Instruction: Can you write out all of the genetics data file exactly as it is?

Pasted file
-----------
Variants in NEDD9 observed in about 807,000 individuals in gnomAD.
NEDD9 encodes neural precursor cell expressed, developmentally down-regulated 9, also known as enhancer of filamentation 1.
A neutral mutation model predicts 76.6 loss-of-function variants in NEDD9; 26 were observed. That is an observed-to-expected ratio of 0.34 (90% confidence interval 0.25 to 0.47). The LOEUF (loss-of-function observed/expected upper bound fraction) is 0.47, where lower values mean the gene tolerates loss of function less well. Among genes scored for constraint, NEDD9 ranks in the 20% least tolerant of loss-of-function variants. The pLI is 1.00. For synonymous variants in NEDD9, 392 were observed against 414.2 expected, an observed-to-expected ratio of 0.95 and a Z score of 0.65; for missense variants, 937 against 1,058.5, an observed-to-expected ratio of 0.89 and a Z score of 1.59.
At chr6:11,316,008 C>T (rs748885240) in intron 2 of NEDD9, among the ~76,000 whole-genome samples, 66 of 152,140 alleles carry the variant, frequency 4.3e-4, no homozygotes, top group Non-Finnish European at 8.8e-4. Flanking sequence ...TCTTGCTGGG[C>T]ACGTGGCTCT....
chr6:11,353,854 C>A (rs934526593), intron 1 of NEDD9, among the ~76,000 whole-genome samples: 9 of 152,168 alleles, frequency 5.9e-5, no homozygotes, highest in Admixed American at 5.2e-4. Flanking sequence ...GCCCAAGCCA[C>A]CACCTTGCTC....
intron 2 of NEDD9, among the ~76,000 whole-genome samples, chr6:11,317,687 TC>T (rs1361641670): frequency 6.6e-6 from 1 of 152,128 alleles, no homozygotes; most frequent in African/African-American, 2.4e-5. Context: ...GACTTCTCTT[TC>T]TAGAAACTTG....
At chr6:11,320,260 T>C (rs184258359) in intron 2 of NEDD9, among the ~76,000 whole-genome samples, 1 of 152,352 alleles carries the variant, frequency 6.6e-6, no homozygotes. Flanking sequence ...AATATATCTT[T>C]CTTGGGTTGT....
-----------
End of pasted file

Variants in NEDD9 observed in about 807,000 individuals in gnomAD.
NEDD9 encodes neural precursor cell expressed, developmentally down-regulated 9, also known as enhancer of filamentation 1.
A neutral mutation model predicts 76.6 loss-of-function variants in NEDD9; 26 were observed. That is an observed-to-expected ratio of 0.34 (90% confidence interval 0.25 to 0.47). The LOEUF (loss-of-function observed/expected upper bound fraction) is 0.47, where lower values mean the gene tolerates loss of function less well. Among genes scored for constraint, NEDD9 ranks in the 20% least tolerant of loss-of-function variants. The pLI is 1.00. For synonymous variants in NEDD9, 392 were observed against 414.2 expected, an observed-to-expected ratio of 0.95 and a Z score of 0.65; for missense variants, 937 against 1,058.5, an observed-to-expected ratio of 0.89 and a Z score of 1.59.
At chr6:11,316,008 C>T (rs748885240) in intron 2 of NEDD9, among the ~76,000 whole-genome samples, 66 of 152,140 alleles carry the variant, frequency 4.3e-4, no homozygotes, top group Non-Finnish European at 8.8e-4. Flanking sequence ...TCTTGCTGGG[C>T]ACGTGGCTCT....
chr6:11,353,854 C>A (rs934526593), intron 1 of NEDD9, among the ~76,000 whole-genome samples: 9 of 152,168 alleles, frequency 5.9e-5, no homozygotes, highest in Admixed American at 5.2e-4. Flanking sequence ...GCCCAAGCCA[C>A]CACCTTGCTC....
intron 2 of NEDD9, among the ~76,000 whole-genome samples, chr6:11,317,687 TC>T (rs1361641670): frequency 6.6e-6 from 1 of 152,128 alleles, no homozygotes; most frequent in African/African-American, 2.4e-5. Context: ...GACTTCTCTT[TC>T]TAGAAACTTG....
At chr6:11,320,260 T>C (rs184258359) in intron 2 of NEDD9, among the ~76,000 whole-genome samples, 1 of 152,352 alleles carries the variant, frequency 6.6e-6, no homozygotes. Flanking sequence ...AATATATCTT[T>C]CTTGGGTTGT....